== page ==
Who are the global 1%? What companies do they run? How do they escape accountability? Check out TNI's powerful infographic displays that expose the social and environmental costs of global corporate power.
The Land Deal Politics Initiative calls for applications to their small grant competition. Grants are available to undertake original field research, carry out follow up fieldwork on an ongoing related initiative, or write up a paper based on research.
Europe’s aggressive external market
access agenda, combined with its push internally for market reforms in the
interest of competitiveness, poses new threats to workers in the North and South and will need a transnational trade union response.
Amongst many other analyses and debates, the more extensive awareness of the active role of the state and of states in the purportedly highly successful 'market economies' in East Asia and South East Asia is bringing discussion of the role of state back into quite mainstream development discourse.
Peter Whittaker reviews How to win the Class War by Susan George for the New Internationalist: "The biggest danger to capitalism would be co-operation between the range of social forces opposing neoliberal control".
South Africa is playing a significant role in supporting and extending the power of the World Trade Organisation, a new system of global government. This not only entails South Africa surrendering its own policy-making rights and space, but also means bargaining away the South African peoples’ democratic rights to determine their country’s internal economic, environmental, social and cultural policies.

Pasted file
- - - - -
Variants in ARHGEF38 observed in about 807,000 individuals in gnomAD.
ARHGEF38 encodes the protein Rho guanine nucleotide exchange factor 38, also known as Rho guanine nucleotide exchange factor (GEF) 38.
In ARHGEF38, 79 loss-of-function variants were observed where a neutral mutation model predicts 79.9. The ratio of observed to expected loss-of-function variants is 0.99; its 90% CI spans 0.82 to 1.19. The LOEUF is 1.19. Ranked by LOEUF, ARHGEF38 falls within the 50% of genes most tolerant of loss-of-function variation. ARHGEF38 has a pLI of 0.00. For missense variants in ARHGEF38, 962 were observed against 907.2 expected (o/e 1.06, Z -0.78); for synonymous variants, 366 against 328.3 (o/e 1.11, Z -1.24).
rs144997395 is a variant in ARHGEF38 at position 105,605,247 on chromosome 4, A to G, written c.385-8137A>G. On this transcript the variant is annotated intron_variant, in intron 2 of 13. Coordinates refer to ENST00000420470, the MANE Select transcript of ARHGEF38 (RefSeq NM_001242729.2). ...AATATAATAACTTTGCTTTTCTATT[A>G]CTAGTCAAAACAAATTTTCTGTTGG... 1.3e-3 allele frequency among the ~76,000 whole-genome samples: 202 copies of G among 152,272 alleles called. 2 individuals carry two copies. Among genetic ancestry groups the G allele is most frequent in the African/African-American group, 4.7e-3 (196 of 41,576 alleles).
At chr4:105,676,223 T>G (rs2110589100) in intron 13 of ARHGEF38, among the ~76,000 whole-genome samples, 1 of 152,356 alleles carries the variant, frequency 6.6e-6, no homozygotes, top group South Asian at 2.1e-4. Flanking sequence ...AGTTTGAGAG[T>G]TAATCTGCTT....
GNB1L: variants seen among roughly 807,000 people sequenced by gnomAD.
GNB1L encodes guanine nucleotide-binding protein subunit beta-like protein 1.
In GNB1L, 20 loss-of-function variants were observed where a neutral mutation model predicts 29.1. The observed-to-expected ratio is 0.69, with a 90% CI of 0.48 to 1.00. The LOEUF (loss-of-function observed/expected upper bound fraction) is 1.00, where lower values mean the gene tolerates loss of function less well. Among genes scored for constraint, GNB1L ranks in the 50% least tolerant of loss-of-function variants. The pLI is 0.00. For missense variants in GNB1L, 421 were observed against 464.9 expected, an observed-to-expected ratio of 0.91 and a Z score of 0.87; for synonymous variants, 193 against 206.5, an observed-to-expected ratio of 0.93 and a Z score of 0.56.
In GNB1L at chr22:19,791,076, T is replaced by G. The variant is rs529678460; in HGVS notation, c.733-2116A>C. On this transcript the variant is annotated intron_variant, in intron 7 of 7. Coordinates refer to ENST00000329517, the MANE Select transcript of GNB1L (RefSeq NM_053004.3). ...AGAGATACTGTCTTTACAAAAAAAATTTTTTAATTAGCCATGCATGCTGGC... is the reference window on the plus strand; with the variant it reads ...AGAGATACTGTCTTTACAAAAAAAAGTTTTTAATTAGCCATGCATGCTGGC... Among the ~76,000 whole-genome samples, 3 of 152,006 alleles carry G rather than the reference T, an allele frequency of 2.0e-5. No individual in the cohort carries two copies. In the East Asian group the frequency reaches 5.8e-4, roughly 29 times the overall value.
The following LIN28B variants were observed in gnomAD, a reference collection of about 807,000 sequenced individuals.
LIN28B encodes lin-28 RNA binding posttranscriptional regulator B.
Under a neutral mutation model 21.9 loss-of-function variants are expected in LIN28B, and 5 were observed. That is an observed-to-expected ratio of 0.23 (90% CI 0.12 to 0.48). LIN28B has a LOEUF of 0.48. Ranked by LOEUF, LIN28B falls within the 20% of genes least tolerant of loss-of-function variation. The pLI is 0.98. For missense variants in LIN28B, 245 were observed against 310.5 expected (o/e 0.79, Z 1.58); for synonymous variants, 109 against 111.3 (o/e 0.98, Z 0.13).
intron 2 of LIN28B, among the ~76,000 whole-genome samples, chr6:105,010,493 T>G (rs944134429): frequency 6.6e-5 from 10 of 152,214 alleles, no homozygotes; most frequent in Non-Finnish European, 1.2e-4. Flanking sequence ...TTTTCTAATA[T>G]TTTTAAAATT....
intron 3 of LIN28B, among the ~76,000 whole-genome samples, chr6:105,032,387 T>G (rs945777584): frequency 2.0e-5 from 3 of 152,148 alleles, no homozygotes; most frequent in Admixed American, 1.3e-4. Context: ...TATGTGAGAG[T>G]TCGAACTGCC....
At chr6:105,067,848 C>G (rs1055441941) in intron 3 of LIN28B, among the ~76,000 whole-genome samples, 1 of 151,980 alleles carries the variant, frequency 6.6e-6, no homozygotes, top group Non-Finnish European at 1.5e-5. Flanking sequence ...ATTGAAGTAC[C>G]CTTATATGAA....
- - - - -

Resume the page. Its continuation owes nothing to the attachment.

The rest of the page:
2011 witnessed the implementation of some of the most comprehensive undemocratic structural changes in the EU since the Lisbon Treaty. Alternative proposals for a progressive exit from the euro crisis are laid out here.
The so-called “global land grab” continues the historic process of land enclosures described by Sir Thomas More in Utopia as “sheep eating men,” when English peasants were evicted from the commons to make room for private estates.
More than 90 environment, development, human rights, and anti-debt organizations from around the world want the Bank to have no say in setting up this key new tool for helping poor nations address climate change.
The Celtic Tiger might just find its strength and appetite for action in the growth of left leaning electorates and local citizens initiatives. The tailspin of economy caused by austerity policies should be countered by a transparent debt audit.
A series of provocative essays by leading researchers and activists on three crucial questions: what kind of development should new global economic institutions promote, what are the viable alternatives to the World Bank and IMF and what other global economic institutions are needed to promote a more just trading order with greater social and ecological responsibility.